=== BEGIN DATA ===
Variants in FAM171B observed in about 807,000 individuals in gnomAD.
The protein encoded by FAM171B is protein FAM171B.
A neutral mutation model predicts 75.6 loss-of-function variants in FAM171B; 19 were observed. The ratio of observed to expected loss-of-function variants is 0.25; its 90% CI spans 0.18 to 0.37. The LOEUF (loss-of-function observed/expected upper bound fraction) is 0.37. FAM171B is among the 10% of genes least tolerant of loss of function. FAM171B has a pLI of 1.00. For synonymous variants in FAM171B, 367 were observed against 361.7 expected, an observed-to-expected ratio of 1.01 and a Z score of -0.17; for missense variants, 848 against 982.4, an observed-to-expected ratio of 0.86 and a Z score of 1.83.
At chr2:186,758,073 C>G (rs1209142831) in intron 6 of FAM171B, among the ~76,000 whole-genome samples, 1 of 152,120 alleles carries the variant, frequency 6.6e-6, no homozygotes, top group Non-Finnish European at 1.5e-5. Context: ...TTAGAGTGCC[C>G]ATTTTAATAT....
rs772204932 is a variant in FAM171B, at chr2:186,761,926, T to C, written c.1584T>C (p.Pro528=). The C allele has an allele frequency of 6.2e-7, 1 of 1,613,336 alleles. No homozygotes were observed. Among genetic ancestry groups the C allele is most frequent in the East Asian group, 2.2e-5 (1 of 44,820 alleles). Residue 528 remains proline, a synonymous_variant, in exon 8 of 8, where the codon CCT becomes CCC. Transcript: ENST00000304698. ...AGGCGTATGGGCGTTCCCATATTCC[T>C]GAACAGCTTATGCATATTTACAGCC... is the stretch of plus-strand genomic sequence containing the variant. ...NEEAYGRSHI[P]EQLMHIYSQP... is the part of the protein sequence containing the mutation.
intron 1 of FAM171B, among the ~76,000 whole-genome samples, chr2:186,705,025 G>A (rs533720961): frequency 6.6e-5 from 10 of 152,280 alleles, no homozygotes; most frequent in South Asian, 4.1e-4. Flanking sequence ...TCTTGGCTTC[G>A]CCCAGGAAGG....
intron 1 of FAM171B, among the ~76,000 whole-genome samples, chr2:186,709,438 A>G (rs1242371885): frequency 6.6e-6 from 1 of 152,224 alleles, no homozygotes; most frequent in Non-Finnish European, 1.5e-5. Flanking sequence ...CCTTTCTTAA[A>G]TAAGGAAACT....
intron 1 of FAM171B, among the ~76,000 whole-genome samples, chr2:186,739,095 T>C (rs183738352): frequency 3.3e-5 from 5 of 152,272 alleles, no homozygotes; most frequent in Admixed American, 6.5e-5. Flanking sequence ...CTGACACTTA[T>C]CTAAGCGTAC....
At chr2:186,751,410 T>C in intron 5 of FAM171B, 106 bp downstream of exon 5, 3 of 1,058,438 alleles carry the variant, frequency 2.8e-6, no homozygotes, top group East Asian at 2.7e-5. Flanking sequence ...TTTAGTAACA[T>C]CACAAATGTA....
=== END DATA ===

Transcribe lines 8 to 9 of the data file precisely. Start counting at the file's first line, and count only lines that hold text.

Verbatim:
intron 1 of FAM171B, among the ~76,000 whole-genome samples, chr2:186,739,095 T>C (rs183738352): frequency 3.3e-5 from 5 of 152,272 alleles, no homozygotes; most frequent in Admixed American, 6.5e-5. Flanking sequence ...CTGACACTTA[T>C]CTAAGCGTAC....
At chr2:186,751,410 T>C in intron 5 of FAM171B, 106 bp downstream of exon 5, 3 of 1,058,438 alleles carry the variant, frequency 2.8e-6, no homozygotes, top group East Asian at 2.7e-5. Flanking sequence ...TTTAGTAACA[T>C]CACAAATGTA....